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C1403 Lecture 20 Tuesday, November 16, 2005. Chapter 19 Coordination Complexes 19.1 The Formation of Coordination Complexes 19.2 Structures of Coordination Complexes 19.3 Crystal-Field Theory and Magnetic Properties 19.4 The Colors of Coordination Complexes
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Chapter 19 Coordination Complexes
19.1 The Formation of Coordination Complexes
19.2 Structures of Coordination Complexes
19.3 Crystal-Field Theory and Magnetic Properties
19.4 The Colors of Coordination Complexes
19.5 Coordination Complexes in Biology
Infrared spectroscopy (IR tutor)
A structure is termed chiral if it is not superimposable on its mirror image (we use idealized geometric structures with ligands considered as points)
Two chiral structures: non superimposable mirror images
How do we decide if two structures are superimposable?
Chiral (two enantiomer)
Chirality: the absence of a plane of symmetry:
Enantiomers are possible
A molecule possessing a plane of symmetry is achiral and a superimposible on its mirror image
Enantiomers are NOT possible
Are the following chiral or achiral structures?
Plane of symmetry
Achiral (one structure)
Which are enantiomers (non-superimposable mirror images) and which are identical (superimposable mirror images)?
Look for a plane of symmetry in idealized geometric structures: If there is one the mirror images are the same structure. If there is not one, the mirror images are enantiomers (optical isomers).
19.3 Crystal Field Theory: Splitting of the 5 d orbitals
Consider the response of the energy of the d orbitals to the approach of 6 negatively charged ligands (a “crystal field”) along the x, y and z axes of the metal
The two d orbitals (dx2-y2 and dz2) that are directed along the x, y and z axes are affected more than the other three d orbitals (dxy, dxz and dyz)
crystal field energy splitting
The result is that the dx2-y2 and dz2 orbital increase in energy relative to the dxy, dxz and dyz orbitals (D0 is called the “crystal field energy splitting”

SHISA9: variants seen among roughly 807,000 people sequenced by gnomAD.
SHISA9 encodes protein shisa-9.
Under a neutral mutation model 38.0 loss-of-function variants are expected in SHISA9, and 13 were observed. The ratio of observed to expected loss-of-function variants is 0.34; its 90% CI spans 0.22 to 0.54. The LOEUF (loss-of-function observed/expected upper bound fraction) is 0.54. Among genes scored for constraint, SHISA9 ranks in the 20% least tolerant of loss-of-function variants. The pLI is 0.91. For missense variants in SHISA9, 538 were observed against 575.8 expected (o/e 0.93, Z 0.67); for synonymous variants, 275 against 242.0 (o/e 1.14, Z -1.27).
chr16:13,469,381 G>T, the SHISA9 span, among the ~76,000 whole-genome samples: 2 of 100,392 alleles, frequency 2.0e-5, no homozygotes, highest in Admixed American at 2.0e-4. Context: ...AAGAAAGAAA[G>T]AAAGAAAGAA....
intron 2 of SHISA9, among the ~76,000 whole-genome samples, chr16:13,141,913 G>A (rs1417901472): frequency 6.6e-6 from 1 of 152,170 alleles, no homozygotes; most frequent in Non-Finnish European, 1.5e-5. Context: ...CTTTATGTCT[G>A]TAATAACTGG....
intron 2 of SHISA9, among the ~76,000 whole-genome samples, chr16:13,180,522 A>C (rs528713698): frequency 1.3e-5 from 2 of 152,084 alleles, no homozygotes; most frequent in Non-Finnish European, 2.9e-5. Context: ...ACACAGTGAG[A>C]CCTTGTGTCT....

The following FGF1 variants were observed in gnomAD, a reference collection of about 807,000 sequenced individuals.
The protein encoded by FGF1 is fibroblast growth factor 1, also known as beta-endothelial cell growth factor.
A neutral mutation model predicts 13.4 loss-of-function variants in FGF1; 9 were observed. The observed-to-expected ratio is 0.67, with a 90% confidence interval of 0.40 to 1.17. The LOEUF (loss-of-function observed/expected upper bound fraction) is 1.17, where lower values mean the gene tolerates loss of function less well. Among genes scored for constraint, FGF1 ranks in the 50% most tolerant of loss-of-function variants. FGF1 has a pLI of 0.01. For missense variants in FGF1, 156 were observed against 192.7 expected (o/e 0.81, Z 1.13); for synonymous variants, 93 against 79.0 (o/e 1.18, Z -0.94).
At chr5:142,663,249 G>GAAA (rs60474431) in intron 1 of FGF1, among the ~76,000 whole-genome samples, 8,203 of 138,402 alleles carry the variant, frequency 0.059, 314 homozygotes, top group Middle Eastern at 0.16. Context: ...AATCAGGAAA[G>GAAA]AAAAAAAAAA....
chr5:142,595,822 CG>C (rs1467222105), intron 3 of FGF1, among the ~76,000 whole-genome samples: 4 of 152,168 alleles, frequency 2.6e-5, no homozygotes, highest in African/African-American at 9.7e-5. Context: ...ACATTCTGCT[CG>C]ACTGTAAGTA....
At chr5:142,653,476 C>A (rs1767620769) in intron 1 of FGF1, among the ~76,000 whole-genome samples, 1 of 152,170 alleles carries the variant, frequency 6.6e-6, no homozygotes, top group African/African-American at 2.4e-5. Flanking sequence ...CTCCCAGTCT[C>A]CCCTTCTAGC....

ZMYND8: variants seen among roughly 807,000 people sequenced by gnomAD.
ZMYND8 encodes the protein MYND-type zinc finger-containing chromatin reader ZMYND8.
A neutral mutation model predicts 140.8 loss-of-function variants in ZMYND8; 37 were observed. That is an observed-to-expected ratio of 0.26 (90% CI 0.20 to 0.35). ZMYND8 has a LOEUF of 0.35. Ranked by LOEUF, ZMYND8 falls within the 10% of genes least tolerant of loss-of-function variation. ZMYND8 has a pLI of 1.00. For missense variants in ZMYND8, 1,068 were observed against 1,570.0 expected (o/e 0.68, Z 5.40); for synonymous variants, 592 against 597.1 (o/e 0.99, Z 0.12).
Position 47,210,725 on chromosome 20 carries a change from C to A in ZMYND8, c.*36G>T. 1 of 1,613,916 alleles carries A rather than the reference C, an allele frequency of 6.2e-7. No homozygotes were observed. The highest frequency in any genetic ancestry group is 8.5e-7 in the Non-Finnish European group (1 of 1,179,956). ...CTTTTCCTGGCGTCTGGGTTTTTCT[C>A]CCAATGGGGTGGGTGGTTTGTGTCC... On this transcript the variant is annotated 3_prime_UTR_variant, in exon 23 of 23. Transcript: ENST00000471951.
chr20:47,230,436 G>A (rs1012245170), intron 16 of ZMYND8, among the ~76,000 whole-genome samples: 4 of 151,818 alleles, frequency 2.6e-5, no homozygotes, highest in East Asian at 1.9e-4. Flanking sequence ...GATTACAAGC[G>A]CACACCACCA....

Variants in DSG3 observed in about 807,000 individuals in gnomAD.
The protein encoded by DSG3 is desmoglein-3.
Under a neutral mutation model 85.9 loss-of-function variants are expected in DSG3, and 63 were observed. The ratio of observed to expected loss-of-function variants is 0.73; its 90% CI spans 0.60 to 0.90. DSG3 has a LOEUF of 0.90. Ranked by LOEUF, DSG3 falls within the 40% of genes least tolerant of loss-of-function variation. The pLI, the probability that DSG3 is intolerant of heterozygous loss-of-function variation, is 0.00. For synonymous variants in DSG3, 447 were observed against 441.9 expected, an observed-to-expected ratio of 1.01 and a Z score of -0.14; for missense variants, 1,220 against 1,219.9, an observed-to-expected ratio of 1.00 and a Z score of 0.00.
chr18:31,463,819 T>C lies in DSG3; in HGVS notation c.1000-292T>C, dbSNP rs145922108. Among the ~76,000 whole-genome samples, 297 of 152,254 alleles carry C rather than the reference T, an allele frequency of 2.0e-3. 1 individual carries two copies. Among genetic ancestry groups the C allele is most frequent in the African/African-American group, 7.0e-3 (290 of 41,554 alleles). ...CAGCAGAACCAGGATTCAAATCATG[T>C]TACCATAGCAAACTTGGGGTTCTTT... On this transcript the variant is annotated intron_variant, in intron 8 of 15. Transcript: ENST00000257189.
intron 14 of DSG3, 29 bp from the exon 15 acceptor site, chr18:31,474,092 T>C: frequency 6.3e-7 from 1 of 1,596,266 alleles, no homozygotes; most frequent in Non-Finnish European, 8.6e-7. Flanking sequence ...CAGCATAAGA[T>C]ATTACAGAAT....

Crystal field splitting of the 5 d orbitals by the “crystal field” of 6 ligands
Orbitals “on axis”: “energy increases”
Orbitals “off axis”: “energy decreases”
Electronic configurations of dn complexes from paramagnetism and diamagnetism
Building of weak field, high spin electron configurations for d2, d3, d4, and d5 systems (Hund’s rule applies)
Crystal Field Splitting of d orbitals: high spin and low spin situations for a d6 metal
Ligand strength: (Weak) I- < F- < H2O < NH3 < CN- (Strong)
spins = 0:
spins = 4:
Not spin pair
The dn electron configurations of M(II) cations of the atoms of transition metals
How many unpaired spins in Fe(CN)64- and in Fe(H2O)62+?
What is the charge of Fe in Fe(CN)64- and in Fe(H2O)62+?
Fe2+ in both cases
Fe = [Ar]3d64s2; Fe2+ = [Ar]3d6
What kind of ligands are CN- and H2O?
CN- is a strong field ligand and H2O is a weak field ligand
Energy gap larger than advantage due to Hund’s rule
Energy gap small; Hund’s rule applies
Electronic configuration of some n+ dn metal cations in octahedral complexes
Ti(H2O)63+ 3d1 1 (t2g)1 ()1
Cr(H2O)63+ 3d3 3 (t2g)3 ()3
Fe(H2O)63+ 3d5 5 (t2g)3(eg)2 ( ))
Fe(CN)63- 3d5 1 (t2g)5 ()5
Fe(H2O)62+ 3d6 4 (t2g)4(eg)2 ()4()2
Fe(CN)62- 3d6 0 (t2g)6 ()6
Ni(H2O)62+ 3d8 2 (t2g)6(eg)2 ()6()2
Cu(H2O)62+ 3d9 1 (t2g)6(eg)3 ()6()3
Zn(H2O)62+ 3d10 0 (t2g)6(eg)4 ()6()4
19.4 Crystal Field Theory: The Color of Coordination Compounds
The energy gap between the eg and t2g orbitals, 0, (the crystal field splitting) equals the energy of a photon:
0 = h= E
As 0, varies, h will also vary and the color of the compound will change
Absorption of a photon causes a jump from a t2g to an eg orbital
The spectrochemical series of color and magnetic properties: weak field (red, high spin), strong field (violet, low spin)
A d5 electron metal ion
Ligands (red, high spin)
Ligands (violet, low spin)
The color that we see is the color that is not absorbed, but is transmitted. The transmitted light is the complement of the absorbed light.
So if red light is mainly absorbed the color is green; if green light is mainly absorbed, the color is red.
Color of complexes depend on the value of 0 = h= E
Crystal Field Splitting of d orbitals: high spin and low spin situations for a d5 metal (why are some complexes colorless?)
Color corresponds to the absorption of light an transitions between d orbitals for metals.
The transition for (b) is “spin forbidden” because an electron would need to “flip” its spin in being excited from a t orbital to a e orbital
Colorless or very weakly colored
Visualization of color as transmitted light which is not absorbed and the brain’s perception of mixed colored
In real systems there are regions of different light absorptions leading to a wide range of colors
Porphines, hemes, hemoglobin
Photosynthesis: electron transfer
These planar molecules have a “hole” in the center which to which a metal can coordinate
Some critical enzymes in our cells are metalloproteins, giant biolmolecules which contain a metal atom
These metalloproteins control key life processes such as respiration and protect cells against disease
Hemoglobin is a metalloprotein which contains an iron atom and transports O2 through out living systems
Vitamin B12, which prevents pernicious anemia, contains a Co atom which gives the vitamin a red color
The mechanism by which oxygen is carried throughout the body
Involved in many important biological processes, including the production of red blood cells
Vitamin B12 (Co[C62H88N13O14P])CN
A very important porphine that converts solar photons into food energy: chlorophyll